Here we have Water of Earth- another powerful "Mom" figure- she represents both the supporting and nurturing aspects of Water and Earth, and as such indicates a supporting and hard-working figure. A main characteristic of this Queen is stability- she's a reliable and strong provider, and will work hard to take care of family, balance the budget, and keep house, and represents a very giving figure. She tends to work in the background, requiring little recognition or thanks for her efforts apart from seeing her family or loved ones doing well and being well-taken care of. This self-reliance can also contribute to her being somewhat in the background, and other people can tend to take her for granted. In many ways, the Queen best represents the Empress she corresponds to, being both supportive and unfailing, and relying more on intuition than intellect, yet intuition of a type that rarely fails her.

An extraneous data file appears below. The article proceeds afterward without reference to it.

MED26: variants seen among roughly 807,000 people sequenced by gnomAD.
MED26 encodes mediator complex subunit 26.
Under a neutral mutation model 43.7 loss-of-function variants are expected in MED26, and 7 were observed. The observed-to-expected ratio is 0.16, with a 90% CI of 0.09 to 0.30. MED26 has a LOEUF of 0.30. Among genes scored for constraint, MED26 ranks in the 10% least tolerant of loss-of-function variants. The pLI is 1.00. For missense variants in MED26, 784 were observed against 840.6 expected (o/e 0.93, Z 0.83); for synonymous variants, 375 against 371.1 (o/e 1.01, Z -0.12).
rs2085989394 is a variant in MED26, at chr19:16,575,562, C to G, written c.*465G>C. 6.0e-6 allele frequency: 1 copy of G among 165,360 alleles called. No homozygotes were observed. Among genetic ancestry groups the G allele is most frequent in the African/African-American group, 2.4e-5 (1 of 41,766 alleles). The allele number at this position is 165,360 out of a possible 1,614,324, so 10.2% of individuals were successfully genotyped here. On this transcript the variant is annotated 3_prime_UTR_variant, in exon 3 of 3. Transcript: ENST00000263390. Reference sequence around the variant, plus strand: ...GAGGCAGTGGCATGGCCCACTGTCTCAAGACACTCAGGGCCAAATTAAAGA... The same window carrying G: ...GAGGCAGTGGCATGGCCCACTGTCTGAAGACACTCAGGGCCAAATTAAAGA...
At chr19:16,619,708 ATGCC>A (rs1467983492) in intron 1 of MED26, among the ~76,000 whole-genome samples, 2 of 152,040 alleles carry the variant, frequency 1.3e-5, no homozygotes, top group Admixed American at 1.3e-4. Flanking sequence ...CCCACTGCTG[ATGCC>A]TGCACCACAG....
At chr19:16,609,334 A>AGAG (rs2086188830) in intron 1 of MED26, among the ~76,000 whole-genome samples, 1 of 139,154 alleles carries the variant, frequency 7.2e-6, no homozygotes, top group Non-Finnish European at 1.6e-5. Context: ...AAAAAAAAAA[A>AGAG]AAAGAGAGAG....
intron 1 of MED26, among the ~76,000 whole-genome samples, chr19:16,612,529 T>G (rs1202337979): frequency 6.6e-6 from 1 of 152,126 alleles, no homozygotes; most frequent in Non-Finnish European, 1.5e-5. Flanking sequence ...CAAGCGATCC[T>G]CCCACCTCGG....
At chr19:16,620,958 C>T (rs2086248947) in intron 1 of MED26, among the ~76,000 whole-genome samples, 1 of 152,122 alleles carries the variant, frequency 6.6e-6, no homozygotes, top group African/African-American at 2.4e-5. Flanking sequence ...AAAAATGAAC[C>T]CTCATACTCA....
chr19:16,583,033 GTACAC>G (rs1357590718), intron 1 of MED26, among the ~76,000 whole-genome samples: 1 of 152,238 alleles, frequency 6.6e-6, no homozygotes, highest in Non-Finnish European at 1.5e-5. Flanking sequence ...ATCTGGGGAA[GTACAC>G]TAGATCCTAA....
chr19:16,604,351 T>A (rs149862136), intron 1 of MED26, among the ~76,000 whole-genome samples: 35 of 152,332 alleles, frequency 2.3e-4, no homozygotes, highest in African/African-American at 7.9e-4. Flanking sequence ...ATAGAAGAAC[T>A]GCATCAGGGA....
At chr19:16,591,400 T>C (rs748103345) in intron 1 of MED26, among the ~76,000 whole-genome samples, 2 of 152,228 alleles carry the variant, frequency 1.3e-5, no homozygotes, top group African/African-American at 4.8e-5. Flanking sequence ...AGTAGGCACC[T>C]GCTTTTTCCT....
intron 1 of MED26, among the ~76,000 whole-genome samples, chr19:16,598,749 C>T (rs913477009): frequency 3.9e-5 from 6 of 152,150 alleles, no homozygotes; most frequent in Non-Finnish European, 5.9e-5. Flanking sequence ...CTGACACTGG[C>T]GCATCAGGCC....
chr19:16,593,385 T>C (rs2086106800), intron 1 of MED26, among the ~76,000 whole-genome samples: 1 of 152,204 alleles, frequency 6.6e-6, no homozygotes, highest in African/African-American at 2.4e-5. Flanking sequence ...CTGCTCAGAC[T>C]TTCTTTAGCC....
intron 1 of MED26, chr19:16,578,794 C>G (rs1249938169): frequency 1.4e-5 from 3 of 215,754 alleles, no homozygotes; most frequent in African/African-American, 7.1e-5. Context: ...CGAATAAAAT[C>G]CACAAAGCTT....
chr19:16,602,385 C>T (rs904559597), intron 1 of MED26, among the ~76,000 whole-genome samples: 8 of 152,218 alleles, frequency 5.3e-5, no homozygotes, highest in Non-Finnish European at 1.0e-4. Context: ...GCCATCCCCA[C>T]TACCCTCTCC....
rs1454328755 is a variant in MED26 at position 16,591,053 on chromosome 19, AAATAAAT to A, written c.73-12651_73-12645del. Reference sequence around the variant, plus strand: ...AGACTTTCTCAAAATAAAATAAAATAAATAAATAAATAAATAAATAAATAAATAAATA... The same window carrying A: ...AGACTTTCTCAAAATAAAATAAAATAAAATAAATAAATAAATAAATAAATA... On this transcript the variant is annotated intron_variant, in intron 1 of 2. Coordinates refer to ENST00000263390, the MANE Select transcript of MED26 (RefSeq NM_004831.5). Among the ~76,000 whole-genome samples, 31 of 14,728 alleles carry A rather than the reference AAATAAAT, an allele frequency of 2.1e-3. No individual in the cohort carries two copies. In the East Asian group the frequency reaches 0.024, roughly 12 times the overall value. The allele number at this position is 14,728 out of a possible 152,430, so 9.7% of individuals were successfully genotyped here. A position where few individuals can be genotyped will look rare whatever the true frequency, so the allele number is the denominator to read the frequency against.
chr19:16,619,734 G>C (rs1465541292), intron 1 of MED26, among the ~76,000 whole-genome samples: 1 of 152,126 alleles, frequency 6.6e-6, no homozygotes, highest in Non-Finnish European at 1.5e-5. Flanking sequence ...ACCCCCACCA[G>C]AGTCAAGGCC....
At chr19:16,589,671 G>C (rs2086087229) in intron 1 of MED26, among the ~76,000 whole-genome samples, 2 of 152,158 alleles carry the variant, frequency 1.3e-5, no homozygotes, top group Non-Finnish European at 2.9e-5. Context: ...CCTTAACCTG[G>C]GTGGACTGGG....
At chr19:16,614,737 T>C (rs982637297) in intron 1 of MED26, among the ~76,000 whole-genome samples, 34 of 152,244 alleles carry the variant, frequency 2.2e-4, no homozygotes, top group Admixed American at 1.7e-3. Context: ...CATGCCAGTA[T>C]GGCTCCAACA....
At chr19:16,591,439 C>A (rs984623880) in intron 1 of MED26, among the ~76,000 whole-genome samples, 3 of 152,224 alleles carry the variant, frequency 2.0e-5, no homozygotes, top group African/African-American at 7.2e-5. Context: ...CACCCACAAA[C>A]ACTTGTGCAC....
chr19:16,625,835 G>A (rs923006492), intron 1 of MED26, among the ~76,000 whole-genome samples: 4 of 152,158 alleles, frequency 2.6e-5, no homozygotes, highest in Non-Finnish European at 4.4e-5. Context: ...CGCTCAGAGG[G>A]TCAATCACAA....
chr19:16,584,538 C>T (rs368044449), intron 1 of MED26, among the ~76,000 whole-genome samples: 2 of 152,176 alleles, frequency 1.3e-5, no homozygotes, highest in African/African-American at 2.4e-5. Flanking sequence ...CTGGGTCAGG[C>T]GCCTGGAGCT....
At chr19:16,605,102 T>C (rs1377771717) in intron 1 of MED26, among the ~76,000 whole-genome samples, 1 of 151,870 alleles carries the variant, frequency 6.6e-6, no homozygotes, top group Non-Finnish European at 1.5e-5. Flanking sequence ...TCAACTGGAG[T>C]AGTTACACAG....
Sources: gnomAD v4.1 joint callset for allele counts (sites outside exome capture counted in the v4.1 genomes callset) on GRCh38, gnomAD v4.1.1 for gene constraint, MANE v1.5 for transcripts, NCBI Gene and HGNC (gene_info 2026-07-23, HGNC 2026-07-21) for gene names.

In her more negative aspects, the Queen tends to be caught up in her own tasks- whether or not these are that important or useful is beyond the scope of what the Queen sees and notices. She can become wrapped up in dull, repetitive labor with little reward, and will resent the fact that she is stuck in this position. Yet at the same time she does not realize that she has the power to change that- the issue is simply that she is unable to see beyond her immediate surroundings,to her detriment. That same hard work ethic and unfailing persistence are there, but what is lacking is the knowledge that she can do greater things than this.
So to sum up, the Queens represent one half of the equation formed by the Empress and Emperor- the Empress represents support and nurturing, and the Emperor tells of control and structure, as we will see in the Kings. The Queens tend to reflect a mature woman, though again, the gender roles assigned to these cards are flexible. The Queens tend towards intuition and emotion rather than cold hard reason, and as such can be more humane and caring than someone driven solely by logic or self-interest.